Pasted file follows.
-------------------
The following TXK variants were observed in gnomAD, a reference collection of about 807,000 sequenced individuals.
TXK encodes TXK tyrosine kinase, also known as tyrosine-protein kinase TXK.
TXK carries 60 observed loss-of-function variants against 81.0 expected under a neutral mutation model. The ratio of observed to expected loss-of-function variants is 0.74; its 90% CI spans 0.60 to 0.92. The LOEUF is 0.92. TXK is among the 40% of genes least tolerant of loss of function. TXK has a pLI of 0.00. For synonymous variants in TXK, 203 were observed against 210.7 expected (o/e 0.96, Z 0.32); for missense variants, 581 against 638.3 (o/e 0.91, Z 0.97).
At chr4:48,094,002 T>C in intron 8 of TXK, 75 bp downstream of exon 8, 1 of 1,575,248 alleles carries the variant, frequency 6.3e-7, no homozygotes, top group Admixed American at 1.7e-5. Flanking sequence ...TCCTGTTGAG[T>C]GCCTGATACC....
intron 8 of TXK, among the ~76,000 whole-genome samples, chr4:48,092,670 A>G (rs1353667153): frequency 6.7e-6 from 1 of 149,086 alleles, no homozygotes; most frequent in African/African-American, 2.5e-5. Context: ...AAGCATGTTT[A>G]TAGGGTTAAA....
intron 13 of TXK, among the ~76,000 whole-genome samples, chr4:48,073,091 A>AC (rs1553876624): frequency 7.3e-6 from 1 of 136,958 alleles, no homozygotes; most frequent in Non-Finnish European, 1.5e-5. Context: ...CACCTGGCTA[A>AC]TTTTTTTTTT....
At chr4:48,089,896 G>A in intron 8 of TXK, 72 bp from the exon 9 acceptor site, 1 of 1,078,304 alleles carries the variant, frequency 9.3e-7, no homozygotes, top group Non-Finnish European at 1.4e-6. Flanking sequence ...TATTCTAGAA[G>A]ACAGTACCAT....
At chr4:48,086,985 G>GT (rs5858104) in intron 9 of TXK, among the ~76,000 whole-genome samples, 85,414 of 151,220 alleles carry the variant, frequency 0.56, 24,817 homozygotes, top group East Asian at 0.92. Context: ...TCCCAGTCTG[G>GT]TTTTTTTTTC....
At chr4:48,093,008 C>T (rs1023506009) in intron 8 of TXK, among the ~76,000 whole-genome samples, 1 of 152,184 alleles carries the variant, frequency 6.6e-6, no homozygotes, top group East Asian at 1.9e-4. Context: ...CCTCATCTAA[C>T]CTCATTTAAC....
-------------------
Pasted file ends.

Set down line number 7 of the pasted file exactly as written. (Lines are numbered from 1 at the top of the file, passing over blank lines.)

At chr4:48,089,896 G>A in intron 8 of TXK, 72 bp from the exon 9 acceptor site, 1 of 1,078,304 alleles carries the variant, frequency 9.3e-7, no homozygotes, top group Non-Finnish European at 1.4e-6. Flanking sequence ...TATTCTAGAA[G>A]ACAGTACCAT....